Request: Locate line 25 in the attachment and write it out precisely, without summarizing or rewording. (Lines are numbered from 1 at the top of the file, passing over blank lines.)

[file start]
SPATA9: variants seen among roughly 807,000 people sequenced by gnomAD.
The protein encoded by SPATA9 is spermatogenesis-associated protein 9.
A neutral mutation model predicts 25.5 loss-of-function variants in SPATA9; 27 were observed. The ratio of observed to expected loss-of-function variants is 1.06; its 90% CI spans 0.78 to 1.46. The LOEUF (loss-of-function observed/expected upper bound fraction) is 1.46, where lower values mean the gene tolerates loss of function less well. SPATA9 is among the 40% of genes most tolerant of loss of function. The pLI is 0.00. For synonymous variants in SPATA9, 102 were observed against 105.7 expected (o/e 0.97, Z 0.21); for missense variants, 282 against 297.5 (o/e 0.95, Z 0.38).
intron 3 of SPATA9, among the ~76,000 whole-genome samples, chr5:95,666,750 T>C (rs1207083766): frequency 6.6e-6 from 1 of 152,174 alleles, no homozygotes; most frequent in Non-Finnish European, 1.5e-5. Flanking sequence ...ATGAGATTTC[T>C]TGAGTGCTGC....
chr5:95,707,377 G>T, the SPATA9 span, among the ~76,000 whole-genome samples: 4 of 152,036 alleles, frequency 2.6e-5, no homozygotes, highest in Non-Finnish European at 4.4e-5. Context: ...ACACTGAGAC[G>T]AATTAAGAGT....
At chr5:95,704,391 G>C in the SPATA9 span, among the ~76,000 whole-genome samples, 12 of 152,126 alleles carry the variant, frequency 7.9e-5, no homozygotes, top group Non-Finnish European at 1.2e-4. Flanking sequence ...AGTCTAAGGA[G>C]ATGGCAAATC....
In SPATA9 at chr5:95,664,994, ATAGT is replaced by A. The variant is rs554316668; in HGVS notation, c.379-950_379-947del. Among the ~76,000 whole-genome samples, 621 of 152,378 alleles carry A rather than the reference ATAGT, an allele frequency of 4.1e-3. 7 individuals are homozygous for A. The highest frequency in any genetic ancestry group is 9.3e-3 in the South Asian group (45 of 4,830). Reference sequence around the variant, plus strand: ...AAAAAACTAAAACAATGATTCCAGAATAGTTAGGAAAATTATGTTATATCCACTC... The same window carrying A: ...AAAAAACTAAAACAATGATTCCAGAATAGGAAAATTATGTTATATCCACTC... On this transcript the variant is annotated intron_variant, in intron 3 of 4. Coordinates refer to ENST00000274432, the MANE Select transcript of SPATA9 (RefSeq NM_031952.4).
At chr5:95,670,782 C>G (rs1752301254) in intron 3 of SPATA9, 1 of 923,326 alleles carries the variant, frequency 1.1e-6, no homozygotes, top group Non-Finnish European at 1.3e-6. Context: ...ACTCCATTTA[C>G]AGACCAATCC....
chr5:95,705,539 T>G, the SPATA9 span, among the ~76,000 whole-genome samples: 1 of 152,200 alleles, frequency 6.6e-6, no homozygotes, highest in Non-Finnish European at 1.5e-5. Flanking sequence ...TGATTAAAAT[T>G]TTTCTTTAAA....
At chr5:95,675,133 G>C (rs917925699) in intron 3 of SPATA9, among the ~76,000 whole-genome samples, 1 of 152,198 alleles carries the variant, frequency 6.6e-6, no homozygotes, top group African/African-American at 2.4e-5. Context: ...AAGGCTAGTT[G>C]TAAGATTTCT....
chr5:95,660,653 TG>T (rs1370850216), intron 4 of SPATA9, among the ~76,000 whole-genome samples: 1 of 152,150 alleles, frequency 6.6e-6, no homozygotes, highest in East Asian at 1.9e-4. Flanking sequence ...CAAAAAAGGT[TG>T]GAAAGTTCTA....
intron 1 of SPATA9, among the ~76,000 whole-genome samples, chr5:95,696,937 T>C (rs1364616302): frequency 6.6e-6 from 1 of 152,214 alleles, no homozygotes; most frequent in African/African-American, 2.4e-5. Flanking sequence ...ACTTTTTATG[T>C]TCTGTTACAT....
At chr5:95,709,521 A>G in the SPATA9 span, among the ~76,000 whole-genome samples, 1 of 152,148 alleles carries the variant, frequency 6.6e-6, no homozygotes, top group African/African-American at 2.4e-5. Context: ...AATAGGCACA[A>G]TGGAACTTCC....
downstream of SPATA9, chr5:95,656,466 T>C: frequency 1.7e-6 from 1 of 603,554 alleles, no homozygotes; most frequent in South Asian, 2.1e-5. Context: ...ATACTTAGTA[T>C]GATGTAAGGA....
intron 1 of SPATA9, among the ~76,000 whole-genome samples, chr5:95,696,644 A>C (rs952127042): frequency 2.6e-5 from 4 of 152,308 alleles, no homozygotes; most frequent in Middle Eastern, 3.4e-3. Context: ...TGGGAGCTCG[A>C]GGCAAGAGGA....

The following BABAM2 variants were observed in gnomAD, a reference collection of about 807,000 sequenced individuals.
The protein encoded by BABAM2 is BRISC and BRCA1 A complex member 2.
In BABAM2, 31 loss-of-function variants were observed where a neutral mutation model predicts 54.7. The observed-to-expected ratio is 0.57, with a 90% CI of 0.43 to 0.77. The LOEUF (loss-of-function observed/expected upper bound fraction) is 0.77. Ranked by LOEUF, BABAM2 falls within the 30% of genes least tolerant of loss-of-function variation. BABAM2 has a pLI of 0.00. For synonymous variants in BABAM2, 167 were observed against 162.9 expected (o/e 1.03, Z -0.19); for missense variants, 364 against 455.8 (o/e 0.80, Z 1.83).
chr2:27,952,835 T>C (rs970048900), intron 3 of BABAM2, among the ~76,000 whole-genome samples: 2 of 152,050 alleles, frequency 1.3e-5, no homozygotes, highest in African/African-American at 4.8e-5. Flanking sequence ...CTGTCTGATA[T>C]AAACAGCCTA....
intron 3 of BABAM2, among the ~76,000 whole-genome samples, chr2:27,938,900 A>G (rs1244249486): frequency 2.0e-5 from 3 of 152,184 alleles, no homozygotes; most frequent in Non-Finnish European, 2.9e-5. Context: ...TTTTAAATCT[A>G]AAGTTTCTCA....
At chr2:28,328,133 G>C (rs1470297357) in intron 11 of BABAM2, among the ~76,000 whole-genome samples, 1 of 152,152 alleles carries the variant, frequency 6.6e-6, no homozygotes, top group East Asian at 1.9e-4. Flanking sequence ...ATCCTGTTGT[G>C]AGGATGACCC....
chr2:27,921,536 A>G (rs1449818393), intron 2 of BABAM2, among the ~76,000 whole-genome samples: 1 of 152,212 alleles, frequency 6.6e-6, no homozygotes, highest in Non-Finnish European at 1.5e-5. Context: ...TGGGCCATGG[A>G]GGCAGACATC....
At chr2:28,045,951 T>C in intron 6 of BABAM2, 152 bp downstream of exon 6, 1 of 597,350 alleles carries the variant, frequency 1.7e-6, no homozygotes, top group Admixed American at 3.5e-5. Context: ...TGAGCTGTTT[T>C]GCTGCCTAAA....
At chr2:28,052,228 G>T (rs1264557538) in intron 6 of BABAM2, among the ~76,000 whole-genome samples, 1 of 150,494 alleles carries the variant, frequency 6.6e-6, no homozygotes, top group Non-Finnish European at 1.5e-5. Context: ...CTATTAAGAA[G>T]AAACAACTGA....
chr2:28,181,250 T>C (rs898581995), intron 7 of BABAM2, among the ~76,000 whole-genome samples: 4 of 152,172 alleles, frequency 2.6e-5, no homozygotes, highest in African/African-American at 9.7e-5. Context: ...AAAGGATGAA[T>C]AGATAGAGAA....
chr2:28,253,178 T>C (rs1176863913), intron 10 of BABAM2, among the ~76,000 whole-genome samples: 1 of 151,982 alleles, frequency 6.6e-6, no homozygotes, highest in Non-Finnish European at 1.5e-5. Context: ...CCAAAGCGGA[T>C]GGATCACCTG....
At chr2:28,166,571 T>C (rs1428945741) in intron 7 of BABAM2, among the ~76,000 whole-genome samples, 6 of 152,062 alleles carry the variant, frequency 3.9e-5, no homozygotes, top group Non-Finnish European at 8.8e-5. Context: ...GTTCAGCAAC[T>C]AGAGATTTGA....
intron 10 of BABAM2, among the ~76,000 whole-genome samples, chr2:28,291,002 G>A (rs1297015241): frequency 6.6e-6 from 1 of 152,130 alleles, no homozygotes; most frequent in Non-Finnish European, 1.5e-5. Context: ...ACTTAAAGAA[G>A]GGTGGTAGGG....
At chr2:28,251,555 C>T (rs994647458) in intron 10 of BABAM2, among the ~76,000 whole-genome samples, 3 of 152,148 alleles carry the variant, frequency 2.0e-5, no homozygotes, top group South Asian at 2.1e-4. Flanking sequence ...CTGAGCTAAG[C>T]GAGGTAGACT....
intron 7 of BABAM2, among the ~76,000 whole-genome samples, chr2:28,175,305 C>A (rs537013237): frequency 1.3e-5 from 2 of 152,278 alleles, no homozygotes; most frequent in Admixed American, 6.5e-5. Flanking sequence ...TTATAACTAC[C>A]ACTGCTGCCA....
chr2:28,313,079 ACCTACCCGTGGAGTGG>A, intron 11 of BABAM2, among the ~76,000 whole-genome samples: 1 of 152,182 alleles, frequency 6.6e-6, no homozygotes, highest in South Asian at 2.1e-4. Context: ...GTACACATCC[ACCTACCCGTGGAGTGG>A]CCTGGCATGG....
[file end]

chr2:28,181,250 T>C (rs898581995), intron 7 of BABAM2, among the ~76,000 whole-genome samples: 4 of 152,172 alleles, frequency 2.6e-5, no homozygotes, highest in African/African-American at 9.7e-5. Context: ...AAAGGATGAA[T>C]AGATAGAGAA....